How Mamata Banerjee has outdone the Left in muffling democratic voices in West Bengal


The Trinamool regime is very much reminiscent of the communist rule; only the scale, the sophistication with a light democratic veneer, is much higher than what the Left did in its heydays.

West Bengal Chief Minister Mamata Banerjee nominated her loyalist and cabinet minister Firhad Hakim as the Mayor of the Kolkata Municipal Corporation. Veteran councillor and Trinamool Congress leader Atin Ghosh had to reconcile himself, a second time, to the Deputy Mayor’s post.

TMC Member of Parliament from South Kolkata and senior TMC leader Mala Roy was nominated Chairperson of the KMC. By re-nominating a serving cabinet minister as the Mayor of a city like Kolkata which requires more than full-time attention and application, by re-nominating a sitting Member of Parliament as the KMC’s Chairperson, Mamata Banerjee has exposed the lack of leadership, talent and capacity in her party. It is another matter that being perennially paranoid, Mamata Banerjee has not allowed or enabled a broad leadership base to grow in the party.

The selection of the Mayor and Chairperson demonstrates the TMC’s casual commitment towards transforming Kolkata into a millennium city. In the decade that it has occupied the KMC, the party has failed to evolve a minimum roadmap on how this city, once the cultural, political and commercial hub of India, could be reinstated to a certain degree of primacy among the cities of India. To think that the Kolkata Mayor’s chair was once occupied by the likes of Deshbandhu CR Das, Netaji Subhas Chandra Bose, Jatindra Mohan Sengupta, Dr BC Roy, Phanindra Nath Brahma and Sanat Kumar Roychowdhury, among others, and to see it now being relegated to a part-time occupation, exposes the TMC’s actual intention — allow Kolkata to wallow while taking no initiative to develop new cities or better existing ones.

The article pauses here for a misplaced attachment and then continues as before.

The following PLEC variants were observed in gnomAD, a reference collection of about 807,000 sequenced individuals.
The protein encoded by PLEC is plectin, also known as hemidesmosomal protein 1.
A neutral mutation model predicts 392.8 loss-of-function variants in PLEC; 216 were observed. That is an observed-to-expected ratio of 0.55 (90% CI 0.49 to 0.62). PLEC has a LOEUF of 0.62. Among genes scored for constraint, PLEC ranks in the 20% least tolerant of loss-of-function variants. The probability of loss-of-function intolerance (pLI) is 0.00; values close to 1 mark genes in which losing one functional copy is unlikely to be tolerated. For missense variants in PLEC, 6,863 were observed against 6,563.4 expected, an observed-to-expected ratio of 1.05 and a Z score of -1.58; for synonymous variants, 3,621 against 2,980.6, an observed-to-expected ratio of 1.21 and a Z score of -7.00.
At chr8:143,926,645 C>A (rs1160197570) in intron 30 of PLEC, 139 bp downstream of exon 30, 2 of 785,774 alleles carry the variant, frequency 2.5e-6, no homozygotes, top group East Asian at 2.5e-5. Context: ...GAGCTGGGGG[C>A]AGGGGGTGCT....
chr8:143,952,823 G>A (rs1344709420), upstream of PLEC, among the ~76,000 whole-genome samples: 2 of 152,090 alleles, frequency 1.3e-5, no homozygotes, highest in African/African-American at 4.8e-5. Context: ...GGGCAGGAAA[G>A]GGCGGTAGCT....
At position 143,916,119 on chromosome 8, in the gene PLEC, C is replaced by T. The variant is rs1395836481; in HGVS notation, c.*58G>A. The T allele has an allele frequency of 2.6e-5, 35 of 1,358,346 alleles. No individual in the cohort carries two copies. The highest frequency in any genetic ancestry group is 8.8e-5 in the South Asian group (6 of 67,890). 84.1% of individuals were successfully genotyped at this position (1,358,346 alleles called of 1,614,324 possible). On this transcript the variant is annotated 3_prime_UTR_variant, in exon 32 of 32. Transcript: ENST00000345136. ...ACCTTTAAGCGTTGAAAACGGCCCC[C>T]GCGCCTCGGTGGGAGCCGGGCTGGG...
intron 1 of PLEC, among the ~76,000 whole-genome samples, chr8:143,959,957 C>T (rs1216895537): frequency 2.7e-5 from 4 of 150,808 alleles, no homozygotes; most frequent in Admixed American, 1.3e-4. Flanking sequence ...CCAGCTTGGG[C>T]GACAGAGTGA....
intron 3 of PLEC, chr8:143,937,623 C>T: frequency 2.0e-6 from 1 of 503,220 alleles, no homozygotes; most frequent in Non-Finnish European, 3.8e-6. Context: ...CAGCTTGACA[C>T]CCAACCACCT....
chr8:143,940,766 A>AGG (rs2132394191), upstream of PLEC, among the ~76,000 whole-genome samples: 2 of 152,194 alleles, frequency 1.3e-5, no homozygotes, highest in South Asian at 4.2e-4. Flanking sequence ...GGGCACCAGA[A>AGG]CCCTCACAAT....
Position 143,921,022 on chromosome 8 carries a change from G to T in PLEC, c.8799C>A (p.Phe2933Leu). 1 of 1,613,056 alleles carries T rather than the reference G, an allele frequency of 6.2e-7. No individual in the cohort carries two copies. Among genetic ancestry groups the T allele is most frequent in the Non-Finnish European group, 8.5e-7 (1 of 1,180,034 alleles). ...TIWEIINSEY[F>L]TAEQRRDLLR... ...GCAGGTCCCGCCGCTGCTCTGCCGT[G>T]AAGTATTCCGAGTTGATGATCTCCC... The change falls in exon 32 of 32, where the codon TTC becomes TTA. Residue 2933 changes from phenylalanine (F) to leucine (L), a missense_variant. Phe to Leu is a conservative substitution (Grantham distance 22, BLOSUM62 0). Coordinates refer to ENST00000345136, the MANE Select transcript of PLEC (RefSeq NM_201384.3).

For those of us who saw it at close quarters and for those who contested the KMC elections, the entire exercise came across as a farce, a sort of mock drill with no real equipment, instrument — driven and done through dummies, a process which was predetermined, a dummy-like run through of phases. Throughout the day one saw no queues or voters’ crowd in polling stations and yet the state Election Commission announced that the voting percentage was over 60 percent.

All through the polling day, one saw the kind of intimidation and violence that TMC supporters and hired cadres indulged in. BJP candidates bore the maximum brunt of TMC’s hoodlumism, while CPI(M) and Congress candidates were not spared either. Physical assault, obstruction, intimidation, blood-spilling and bomb hurling were rampant in a number of booths with poll officials on duty either colluding or surrendering before such assaults. For those who watched both the municipal polls — in Tripura and in Kolkata — the contrast was stark. In Tripura, polling day was peaceful and orderly; in fact, even TMC candidates conceded that there was no disturbance at all. On the other hand, in Kolkata, areas had turned into war zones.